California Lane Markings Explained

Lane markings on road surfaces help drivers know which part of the road to use and understand traffic rules. Understanding pavement markings is crucial for safe and legal driving. By familiarizing yourself with these markings and their meanings, you will be better prepared for the California DMV test and equipped to drive responsibly on the road.

Single Solid Yellow Line

A single solid yellow line marks the center of a road with two-way traffic. Do not pass a vehicle in front of you if there is only one lane of traffic going your direction and a solid yellow line on your side of the road.

Double Solid Yellow Lines

Do not pass over double solid yellow lines. Stay to the right of these lines unless you are:

  • In a high-occupancy vehicle (HOV) carpool lane that has a designated entrance on the left.
  • Instructed by construction or other signs to drive on the other side of the road because your side is closed or blocked.
  • Turning left across a single set of double yellow lines to enter or exit a driveway or private road or make a U-turn. Two sets of solid double yellow lines spaced two or more feet apart are considered a barrier. Do not drive on or over this barrier, make a left turn, or make a U-turn across it, except at designated openings.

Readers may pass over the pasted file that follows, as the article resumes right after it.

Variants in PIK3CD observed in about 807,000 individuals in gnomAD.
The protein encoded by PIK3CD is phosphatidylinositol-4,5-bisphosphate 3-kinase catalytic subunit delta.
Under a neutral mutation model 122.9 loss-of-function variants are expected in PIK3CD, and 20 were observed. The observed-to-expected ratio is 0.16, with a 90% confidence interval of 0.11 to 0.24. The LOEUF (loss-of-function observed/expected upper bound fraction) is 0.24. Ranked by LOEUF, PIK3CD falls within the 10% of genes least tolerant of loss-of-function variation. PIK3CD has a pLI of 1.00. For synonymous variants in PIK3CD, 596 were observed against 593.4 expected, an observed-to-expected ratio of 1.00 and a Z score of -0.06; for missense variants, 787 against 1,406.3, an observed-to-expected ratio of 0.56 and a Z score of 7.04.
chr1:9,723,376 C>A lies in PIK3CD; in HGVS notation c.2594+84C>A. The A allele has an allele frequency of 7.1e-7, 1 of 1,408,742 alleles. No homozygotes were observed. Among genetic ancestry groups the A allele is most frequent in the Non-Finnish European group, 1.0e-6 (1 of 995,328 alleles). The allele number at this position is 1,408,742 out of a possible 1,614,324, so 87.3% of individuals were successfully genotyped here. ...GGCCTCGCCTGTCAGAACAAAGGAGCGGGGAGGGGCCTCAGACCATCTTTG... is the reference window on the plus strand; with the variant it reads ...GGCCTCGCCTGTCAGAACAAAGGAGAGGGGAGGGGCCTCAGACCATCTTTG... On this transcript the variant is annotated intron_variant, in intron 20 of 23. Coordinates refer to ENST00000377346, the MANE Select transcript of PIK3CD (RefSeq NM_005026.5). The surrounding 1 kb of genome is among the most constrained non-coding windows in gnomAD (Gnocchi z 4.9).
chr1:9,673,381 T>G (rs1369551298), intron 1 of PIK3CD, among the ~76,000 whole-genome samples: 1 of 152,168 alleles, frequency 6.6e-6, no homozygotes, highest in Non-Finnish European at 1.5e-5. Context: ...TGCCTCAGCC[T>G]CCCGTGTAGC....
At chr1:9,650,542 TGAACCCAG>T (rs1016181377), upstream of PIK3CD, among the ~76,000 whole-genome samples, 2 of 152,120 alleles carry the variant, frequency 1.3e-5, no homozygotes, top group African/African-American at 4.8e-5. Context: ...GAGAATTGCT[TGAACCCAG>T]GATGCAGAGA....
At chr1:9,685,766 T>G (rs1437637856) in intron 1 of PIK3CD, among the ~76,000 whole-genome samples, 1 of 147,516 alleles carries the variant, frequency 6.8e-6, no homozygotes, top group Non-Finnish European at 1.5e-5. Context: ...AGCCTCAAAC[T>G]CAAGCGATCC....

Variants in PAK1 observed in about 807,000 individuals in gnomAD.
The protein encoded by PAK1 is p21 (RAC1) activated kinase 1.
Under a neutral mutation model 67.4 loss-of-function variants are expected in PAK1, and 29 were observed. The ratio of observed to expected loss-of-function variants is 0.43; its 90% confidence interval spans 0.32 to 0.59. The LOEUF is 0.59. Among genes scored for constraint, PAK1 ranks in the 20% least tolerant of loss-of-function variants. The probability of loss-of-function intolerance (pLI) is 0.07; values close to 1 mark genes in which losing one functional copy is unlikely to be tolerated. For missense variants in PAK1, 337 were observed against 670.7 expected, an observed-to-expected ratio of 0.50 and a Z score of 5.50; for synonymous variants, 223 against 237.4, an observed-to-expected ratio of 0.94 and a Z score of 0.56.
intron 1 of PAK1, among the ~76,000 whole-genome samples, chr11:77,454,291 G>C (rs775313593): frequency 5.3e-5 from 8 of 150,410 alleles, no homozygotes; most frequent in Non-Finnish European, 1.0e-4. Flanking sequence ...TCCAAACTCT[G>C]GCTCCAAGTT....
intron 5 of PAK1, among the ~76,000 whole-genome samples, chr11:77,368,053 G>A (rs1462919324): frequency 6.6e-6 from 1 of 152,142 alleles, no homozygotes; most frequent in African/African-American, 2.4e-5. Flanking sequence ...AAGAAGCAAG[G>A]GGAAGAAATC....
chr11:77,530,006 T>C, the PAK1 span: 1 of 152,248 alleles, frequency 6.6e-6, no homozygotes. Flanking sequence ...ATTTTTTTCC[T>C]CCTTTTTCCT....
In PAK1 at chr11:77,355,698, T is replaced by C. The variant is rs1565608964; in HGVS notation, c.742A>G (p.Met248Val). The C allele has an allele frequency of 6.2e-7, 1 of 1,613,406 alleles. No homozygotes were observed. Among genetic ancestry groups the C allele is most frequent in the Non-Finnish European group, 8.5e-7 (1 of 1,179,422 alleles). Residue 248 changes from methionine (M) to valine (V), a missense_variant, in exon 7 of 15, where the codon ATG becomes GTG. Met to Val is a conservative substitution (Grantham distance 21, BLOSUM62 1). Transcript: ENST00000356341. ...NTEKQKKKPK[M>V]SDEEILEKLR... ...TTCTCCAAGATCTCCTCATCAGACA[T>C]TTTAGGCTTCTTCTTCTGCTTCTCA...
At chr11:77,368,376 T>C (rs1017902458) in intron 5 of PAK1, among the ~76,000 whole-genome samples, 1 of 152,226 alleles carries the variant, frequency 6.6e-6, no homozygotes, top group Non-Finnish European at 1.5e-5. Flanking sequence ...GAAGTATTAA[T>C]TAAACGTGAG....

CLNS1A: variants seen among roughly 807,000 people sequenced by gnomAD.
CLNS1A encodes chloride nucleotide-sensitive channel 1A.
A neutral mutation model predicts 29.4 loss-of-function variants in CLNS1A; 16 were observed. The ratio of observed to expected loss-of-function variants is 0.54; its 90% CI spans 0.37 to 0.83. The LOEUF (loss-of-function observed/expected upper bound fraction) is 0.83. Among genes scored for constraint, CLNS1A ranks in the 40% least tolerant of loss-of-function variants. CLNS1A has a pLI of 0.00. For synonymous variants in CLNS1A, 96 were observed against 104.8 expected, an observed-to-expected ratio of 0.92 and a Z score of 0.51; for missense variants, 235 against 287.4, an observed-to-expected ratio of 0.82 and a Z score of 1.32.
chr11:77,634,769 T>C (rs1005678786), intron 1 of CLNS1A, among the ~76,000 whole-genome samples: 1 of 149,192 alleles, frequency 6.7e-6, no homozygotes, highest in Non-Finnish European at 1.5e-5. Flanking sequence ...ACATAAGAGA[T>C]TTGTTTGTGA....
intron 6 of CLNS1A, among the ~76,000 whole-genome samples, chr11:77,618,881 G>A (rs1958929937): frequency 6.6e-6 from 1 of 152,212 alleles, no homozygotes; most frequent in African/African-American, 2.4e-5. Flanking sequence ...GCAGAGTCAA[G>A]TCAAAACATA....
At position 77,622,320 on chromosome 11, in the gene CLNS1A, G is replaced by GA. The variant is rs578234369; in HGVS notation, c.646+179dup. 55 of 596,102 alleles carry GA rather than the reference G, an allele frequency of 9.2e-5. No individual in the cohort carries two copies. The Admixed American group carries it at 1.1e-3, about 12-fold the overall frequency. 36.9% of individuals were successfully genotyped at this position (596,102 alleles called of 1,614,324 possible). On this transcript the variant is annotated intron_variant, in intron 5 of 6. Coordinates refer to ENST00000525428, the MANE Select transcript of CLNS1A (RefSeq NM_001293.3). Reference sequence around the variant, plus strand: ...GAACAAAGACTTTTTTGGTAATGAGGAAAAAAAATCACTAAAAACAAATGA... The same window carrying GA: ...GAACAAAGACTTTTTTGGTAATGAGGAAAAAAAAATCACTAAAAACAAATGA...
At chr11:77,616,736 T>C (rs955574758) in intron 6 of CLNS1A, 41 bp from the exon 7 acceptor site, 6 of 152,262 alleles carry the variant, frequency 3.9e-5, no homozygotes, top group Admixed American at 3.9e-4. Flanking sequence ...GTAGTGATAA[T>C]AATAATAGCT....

Broken Yellow Line

A broken yellow line indicates you may pass if the broken line is next to your driving lane. Only pass when it is safe.

Single Solid White Line

A single solid white line marks traffic lanes going in the same direction. This includes one-way streets.

Double Solid White Lines

Double solid white lines indicate a lane barrier between a regular use and a preferential use lane, such as a carpool (HOV) lane. You may also see double solid white lines in or near freeway on and off ramps. Never change lanes over double solid white lines. Wait until you see a single broken white line.

Broken White Lines

Broken white lines separate traffic lanes on roads with two or more lanes in the same direction.

End of Lane Markings

Ending freeway and street lanes are usually marked with large broken lines. If you are driving in a lane marked with broken lines, be prepared to exit the freeway or for the lane to end. Look for a sign that tells you to exit or merge.

end of lane markings california
Example of End-of-Lane sign with large broken lines
Exit only lane at exit ramp

Yield Line

A yield line is a solid white line of triangles that shows approaching vehicles where to yield or stop. The triangles point towards approaching vehicles.